Ingredients

  • 6 chicken legs (thigh + drumstick)
  • 1 cup of plain yogurt
  • juice of a 1 lemon
  • 1 tbsp salt
  • 1 tbsp brown sugar
  • 1 tbsp tandoori spice mix
  • 2 cloves garlic, minced or made into a paste
  • 1 inch piece of ginger root, minced or made into a paste
  • a pinch of chili powder (optional)
  • an extra drizzle of olive oil

Directions

  1. Make two cuts into the chicken: one at the thigh, one at the drumstick. Place in a gallon zip lock bag.
  2. Combine yogurt, lemon juice, salt, sugar, spice mix, garlic, and ginger in a bowl or large glass measuring cup. Pour over the chicken in the bag and zip shut. Massage the marinade into the meat. Let sit in the fridge for about 8 hours (I did mine in a hurry, about 4 hours, and although it was delicious, it makes a difference in how deeply the flavor penetrates).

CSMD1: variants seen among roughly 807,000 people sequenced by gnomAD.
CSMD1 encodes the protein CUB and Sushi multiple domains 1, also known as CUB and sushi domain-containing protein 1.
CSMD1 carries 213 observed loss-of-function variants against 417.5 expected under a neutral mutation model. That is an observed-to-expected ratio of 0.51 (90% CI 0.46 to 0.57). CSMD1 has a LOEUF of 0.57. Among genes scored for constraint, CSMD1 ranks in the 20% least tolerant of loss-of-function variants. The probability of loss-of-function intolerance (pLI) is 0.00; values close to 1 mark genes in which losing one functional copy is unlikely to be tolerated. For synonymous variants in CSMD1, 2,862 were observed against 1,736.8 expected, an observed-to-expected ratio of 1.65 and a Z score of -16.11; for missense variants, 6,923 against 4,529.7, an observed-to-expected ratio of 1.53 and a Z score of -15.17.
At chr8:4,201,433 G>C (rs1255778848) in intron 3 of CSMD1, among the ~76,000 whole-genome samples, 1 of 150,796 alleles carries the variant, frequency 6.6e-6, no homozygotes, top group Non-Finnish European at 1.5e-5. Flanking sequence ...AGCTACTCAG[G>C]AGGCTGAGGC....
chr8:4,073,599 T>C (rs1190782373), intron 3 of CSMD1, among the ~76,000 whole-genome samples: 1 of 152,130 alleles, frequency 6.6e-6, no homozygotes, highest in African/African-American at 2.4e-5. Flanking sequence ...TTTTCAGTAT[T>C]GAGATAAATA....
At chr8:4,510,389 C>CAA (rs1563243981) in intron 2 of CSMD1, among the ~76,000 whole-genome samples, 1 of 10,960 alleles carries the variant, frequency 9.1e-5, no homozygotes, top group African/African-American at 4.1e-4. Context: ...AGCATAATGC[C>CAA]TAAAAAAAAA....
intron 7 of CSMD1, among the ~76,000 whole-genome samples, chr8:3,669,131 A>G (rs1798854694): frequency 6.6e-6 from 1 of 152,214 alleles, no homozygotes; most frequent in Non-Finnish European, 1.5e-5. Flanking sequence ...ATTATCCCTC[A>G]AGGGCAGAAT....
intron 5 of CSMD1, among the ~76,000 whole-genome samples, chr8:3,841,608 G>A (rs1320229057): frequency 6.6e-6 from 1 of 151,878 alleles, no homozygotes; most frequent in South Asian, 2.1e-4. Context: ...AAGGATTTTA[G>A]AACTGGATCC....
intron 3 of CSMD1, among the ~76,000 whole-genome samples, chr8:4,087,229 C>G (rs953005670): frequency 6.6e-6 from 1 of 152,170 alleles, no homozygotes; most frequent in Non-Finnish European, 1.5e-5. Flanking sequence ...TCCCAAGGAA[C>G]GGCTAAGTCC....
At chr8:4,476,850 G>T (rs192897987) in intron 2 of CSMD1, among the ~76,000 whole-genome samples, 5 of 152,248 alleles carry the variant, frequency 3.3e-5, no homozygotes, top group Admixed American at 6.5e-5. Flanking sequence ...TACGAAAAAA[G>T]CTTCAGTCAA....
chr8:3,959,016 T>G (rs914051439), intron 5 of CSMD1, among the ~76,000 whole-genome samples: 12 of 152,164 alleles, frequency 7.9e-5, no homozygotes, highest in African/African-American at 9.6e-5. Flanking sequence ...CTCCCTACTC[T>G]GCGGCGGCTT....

3. Heat oven to 425 Fahrenheit. Line a baking sheet with parchment or aluminum. Take the chicken out of the marinade, shaking off excess. Spread the chicken out (overcrowding will keep the skin from crisping) and lightly sprinkle some chili powder over the top. Drizzle with olive oil for a nice tan, and bake for 30-35 minutes, depending on the size of the individual legs. The meat should be cooked through, but if your meat isn’t nicely browned, turn the heat up to 450 and bake for an additional 5 minutes. I had some leftover (halal beef) bacon grease from the morning, so I used that instead =)
  4. Serve with naan, home fries, or just a nice salad. Extra points for homemade cilantro yogurt dipping sauce (recipe to come!).

 

Chocolate Mousse Cake